It only seems fitting that collage artist and storyteller Nancey B. Price (b. 1992) moved into the ON::View Residency space at Bull Street’s ARTS Southeast on the wettest day of the month. The rain-drenched afternoon ushered in her monthlong stay during which she plans to expand her ongoing series “Water Signs,” a mixed-media exploration of the ways in which water has contributed to the overall story of Black people in the African diaspora.
A self-taught artist, Price’s collages have been featured in such prestigious publications as O, the Oprah Magazine, Garden & Gun, The Bitter Southerner and Black Collagists. She has shown her work in diverse venues including the Montgomery Museum of Fine Arts, Yale Divinity School, and Savannah’s Cultural Arts Center where she was included in the recent “But Some Of Us Are Brave” show, so beautifully curated by Antonia Larkin.
Price grew up in Girard, population 156, in rural Burke County outside of Augusta, and holds a BA in Women’s & Gender Studies from Mercer, and an MPA in Nonprofit Administration from Georgia Southern. Originally, she went to college with plans to become a doctor. “I was on a pre-med track but changed my mind about applying to medical school in my senior year.” After undergrad., she took a job at Georgia Southern while continuing work with her own humanitarian project to supply feminine hygiene products and education to women in the southeastern African country of Malawi. That work led her to her 2019 MPA degree, but she says, “After graduation I knew I no longer want to be an executive director of a nonprofit!” and she has now fully committed to make her living through her art.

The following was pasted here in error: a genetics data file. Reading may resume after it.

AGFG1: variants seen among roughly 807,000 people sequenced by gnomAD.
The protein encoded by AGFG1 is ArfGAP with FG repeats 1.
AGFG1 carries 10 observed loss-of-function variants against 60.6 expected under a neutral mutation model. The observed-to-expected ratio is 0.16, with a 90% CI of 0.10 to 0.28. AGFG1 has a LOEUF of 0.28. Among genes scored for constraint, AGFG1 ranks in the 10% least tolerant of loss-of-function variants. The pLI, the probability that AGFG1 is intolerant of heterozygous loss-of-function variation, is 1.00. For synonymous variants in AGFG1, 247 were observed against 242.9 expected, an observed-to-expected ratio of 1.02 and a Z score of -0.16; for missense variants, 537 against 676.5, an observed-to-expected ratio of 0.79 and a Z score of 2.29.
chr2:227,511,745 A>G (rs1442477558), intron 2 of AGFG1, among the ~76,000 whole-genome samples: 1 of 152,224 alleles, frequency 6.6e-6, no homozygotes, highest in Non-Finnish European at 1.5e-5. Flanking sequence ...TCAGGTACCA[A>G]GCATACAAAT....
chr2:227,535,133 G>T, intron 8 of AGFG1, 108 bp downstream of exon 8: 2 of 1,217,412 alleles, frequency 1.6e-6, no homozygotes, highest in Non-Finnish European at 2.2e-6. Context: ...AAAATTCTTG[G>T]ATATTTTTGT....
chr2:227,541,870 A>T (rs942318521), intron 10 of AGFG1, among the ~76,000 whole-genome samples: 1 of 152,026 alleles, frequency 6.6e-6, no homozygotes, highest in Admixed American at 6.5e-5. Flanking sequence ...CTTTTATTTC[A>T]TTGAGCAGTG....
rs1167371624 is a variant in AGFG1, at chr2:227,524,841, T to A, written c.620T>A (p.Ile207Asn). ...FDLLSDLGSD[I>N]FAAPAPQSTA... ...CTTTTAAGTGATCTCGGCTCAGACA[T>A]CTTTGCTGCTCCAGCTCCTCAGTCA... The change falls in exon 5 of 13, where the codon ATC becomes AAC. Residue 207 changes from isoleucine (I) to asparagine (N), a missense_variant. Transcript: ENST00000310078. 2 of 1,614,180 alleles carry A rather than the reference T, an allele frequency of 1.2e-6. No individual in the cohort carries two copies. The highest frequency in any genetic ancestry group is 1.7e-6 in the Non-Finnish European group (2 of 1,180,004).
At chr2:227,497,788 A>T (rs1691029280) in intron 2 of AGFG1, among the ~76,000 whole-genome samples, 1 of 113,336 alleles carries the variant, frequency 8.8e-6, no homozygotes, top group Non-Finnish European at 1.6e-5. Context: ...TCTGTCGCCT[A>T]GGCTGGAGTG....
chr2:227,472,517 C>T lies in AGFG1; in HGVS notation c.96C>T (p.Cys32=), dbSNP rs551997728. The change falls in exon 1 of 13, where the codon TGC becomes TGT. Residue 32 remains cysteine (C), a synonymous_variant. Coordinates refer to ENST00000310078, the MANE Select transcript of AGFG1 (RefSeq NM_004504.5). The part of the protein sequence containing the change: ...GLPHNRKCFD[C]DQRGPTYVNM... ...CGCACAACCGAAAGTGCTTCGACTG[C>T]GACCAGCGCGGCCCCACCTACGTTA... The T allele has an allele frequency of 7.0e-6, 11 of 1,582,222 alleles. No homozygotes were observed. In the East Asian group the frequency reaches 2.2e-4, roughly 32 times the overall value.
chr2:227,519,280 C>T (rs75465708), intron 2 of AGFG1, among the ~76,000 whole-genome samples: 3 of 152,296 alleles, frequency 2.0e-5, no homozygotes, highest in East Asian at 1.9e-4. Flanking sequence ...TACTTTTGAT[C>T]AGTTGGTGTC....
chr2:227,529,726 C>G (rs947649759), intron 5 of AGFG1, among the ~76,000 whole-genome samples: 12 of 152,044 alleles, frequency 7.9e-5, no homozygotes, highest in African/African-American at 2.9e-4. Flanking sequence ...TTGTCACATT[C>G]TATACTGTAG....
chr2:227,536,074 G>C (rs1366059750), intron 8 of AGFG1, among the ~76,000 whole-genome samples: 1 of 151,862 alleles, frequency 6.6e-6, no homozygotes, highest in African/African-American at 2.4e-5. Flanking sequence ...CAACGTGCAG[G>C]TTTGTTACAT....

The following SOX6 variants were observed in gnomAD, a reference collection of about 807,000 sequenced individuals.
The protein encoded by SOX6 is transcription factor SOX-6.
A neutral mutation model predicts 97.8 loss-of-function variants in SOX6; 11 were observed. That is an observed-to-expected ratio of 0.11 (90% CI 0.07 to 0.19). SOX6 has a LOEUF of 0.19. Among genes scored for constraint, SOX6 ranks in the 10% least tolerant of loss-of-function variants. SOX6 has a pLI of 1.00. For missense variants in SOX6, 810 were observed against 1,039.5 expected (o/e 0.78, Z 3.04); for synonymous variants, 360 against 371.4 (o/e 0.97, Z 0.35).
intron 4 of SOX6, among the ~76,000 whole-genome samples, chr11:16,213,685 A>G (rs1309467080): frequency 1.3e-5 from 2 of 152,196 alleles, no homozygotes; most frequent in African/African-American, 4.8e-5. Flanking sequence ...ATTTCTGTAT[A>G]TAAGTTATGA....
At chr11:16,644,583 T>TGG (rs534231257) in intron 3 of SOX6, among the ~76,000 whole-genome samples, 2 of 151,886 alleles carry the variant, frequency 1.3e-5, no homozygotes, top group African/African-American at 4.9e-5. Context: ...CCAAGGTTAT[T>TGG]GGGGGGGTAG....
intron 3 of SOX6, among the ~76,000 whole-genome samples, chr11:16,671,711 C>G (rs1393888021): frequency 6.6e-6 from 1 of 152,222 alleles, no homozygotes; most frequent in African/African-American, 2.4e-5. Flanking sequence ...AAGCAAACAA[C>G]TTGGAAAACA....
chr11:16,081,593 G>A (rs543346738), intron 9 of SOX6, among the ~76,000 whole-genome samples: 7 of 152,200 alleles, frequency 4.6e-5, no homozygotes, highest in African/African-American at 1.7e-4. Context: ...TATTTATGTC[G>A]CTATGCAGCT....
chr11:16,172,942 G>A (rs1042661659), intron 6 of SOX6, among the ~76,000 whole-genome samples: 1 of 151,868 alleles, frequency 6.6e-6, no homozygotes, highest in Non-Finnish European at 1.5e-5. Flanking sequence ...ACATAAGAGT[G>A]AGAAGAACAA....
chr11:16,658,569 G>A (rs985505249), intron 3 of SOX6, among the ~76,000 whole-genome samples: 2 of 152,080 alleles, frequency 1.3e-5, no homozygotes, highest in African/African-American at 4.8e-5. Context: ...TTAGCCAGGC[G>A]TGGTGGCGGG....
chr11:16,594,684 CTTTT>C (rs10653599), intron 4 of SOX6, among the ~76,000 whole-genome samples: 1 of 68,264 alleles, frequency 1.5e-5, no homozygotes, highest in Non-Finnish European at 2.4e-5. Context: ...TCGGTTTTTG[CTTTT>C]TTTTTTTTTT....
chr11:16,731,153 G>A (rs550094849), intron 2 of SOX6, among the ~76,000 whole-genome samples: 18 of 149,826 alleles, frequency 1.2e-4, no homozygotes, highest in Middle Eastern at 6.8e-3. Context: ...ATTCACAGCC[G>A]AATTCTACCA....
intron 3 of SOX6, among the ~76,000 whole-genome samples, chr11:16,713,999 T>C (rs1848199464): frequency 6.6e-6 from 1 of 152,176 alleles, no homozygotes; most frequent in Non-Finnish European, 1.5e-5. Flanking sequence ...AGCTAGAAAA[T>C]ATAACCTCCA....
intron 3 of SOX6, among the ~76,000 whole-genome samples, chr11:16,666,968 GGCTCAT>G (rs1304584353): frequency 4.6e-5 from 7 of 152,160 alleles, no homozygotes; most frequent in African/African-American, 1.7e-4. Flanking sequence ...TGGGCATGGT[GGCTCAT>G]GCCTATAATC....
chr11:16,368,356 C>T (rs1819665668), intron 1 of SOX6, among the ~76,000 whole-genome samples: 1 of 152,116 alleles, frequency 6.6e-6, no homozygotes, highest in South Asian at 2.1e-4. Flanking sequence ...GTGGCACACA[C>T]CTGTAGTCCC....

“I’ve always had an appreciation for the arts and humanities. One day in 2016 I was on Etsy and found the work of Haitian American Mirlande Jean-Gilles. I was really drawn to her collages and that analog style of artistry.” Price created her own Etsy account and started making vibrant collages using papers from books and magazines in the old-school fashion, working with scissors and glue. While in Malawi during her sophomore year of college she received an email from an art director for Oprah Winfrey’s magazine.